The last time the city and county of Honolulu increased its fuel tax was in 1989.
Twenty-four years later, fuel prices are much higher and rising. So Mayor Kirk Caldwell's 5-cent-a-gallon gas tax hike proposal is not sitting well with many, including a local tax expert.
Oahu may not be the highest gas prices in the state, but motorists on Oahu do pay more in taxes at the pump than any other island.
At 16.5 cents a gallon, the city's gas tax is already about two times as much as Hawaii County, according to the Tax Foundation of Hawaii.
And with gas prices steadily rising, Tax Foundation of Hawaii President Lowell Kalapa said, "I think the timing is poor on behalf of the city administration to raise the fuel tax at this time."
"My family is growing so I may have to downsize my car, and would I really want that? Of course, I probably work more hours. More work, more harder," said Kalihi resident Jonathan Puletasi.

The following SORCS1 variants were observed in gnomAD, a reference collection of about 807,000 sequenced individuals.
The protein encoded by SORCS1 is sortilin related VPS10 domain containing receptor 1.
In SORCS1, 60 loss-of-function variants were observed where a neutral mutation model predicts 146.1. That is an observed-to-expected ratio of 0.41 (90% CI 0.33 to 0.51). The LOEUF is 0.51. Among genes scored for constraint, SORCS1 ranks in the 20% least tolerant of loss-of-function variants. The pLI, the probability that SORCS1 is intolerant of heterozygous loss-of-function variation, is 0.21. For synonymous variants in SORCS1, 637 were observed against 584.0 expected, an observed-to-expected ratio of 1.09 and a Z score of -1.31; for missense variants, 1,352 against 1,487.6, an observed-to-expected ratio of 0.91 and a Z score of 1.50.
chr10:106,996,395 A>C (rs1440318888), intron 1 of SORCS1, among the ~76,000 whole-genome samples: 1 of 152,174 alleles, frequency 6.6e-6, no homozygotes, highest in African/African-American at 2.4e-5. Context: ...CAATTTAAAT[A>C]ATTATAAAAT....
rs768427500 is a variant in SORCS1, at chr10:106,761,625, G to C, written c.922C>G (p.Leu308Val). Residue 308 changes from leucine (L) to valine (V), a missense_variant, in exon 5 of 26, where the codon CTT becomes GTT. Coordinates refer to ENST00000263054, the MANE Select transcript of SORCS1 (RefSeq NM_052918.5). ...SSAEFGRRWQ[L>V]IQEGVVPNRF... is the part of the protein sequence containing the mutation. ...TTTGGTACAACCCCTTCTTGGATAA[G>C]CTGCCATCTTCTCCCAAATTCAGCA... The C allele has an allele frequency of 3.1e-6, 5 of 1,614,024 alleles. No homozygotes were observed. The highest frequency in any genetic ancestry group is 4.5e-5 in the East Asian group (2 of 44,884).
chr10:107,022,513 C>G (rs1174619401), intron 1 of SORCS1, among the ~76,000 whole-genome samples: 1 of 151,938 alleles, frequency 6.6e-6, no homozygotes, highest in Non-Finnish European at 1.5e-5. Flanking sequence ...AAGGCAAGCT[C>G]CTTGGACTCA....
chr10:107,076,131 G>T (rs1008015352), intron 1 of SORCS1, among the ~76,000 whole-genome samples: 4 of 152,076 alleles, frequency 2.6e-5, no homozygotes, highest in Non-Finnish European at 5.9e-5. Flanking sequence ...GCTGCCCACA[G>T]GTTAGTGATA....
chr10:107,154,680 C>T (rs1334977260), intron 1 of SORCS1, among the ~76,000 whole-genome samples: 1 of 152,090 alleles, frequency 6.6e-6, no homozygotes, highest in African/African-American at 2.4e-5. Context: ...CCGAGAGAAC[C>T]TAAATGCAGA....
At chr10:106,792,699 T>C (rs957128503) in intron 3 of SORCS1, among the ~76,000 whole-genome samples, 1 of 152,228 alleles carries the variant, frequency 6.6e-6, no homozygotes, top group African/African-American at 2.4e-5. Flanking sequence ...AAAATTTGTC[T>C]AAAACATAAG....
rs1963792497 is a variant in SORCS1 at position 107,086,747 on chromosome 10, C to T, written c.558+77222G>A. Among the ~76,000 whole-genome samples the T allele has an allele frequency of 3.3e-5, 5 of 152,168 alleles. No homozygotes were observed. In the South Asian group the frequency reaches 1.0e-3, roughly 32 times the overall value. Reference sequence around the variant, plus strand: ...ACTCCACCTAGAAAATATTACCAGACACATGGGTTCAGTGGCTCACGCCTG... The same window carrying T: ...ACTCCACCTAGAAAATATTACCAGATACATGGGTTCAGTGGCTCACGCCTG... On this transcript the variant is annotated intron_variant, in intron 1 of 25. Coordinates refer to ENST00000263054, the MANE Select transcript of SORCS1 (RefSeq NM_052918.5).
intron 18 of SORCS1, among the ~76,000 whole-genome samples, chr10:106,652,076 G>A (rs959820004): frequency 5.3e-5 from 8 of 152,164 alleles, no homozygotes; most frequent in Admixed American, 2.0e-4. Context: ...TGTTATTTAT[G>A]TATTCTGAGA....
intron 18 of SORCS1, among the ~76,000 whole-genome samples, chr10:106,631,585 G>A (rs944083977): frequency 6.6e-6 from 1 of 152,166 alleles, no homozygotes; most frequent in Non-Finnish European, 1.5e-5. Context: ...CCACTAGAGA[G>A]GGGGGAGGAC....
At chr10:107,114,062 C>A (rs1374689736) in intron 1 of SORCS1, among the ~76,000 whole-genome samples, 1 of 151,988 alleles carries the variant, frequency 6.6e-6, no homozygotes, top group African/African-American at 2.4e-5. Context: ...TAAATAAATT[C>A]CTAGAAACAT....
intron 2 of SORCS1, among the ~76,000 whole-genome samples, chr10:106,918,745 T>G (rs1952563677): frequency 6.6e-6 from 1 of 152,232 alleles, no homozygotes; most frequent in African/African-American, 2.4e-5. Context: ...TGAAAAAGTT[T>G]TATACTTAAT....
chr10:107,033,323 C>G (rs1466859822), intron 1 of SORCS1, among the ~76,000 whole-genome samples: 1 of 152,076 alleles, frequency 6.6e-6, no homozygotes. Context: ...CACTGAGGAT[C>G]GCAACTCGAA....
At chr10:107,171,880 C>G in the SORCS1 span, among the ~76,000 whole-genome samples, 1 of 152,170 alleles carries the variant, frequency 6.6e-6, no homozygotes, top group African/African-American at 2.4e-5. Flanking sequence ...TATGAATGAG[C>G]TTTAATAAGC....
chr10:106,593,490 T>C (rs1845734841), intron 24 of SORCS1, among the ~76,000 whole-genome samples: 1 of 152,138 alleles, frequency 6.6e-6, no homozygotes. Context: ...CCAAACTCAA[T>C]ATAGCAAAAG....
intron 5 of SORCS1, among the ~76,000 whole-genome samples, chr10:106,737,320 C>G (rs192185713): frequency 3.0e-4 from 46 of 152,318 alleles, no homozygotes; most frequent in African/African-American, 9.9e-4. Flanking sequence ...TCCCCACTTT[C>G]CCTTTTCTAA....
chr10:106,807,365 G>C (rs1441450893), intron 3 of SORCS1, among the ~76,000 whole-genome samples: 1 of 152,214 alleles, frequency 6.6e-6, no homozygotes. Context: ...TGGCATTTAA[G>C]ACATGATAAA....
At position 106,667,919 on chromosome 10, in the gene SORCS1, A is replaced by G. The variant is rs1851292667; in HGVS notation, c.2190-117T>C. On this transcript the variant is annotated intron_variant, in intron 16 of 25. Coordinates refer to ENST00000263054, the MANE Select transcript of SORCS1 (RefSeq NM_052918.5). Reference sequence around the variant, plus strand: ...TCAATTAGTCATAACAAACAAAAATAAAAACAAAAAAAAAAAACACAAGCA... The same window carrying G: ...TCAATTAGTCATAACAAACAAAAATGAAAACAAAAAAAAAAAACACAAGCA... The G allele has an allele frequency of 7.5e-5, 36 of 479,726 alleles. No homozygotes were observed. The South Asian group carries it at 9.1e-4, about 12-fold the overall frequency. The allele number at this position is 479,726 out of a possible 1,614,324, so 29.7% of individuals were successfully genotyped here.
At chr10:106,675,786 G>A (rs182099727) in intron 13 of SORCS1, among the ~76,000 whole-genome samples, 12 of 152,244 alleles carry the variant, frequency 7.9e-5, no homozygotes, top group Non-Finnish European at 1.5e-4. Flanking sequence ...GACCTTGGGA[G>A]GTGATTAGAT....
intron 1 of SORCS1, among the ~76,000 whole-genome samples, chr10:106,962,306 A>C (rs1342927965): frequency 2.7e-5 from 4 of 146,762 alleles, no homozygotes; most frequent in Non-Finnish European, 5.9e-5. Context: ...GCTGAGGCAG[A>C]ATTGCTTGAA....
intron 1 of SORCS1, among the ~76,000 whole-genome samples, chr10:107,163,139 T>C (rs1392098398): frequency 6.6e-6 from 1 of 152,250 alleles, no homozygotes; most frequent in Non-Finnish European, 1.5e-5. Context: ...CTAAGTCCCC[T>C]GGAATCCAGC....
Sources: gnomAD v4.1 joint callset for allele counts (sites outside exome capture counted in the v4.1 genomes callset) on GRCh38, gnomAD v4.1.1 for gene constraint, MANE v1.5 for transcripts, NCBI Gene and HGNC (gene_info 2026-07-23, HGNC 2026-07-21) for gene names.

Student Jamie Kim said, "That's definitely going to impact the way I drive because I pay for my own gas. So like, I'm not going to want to like drive anywhere, you know? Like, I'm probably going to maybe like start carpooling with friends if that happens."
Kalapa said it probably won't happen.
"I think it's pretty much dead on arrival from the standpoint that the 5 cents is a little too high. I mean, maybe they can get away with a penny or two.
"I appreciate his efforts to repair the roads, but I think people need to understand that we need to move all of the funds taken from highway users and put it into the roads and that's not happening right now."
Makiki resident Joe Hamil said a moped is the only way to go.
"Probably see more and more mopeds on the road," Hamil said.
Hamil added that he pays maybe $10 a week in gas and his moped gets 70 miles a gallon.
In 2011, former mayor Peter Carlisle proposed a 6 cent gas tax increase over three years. The City Council rejected it.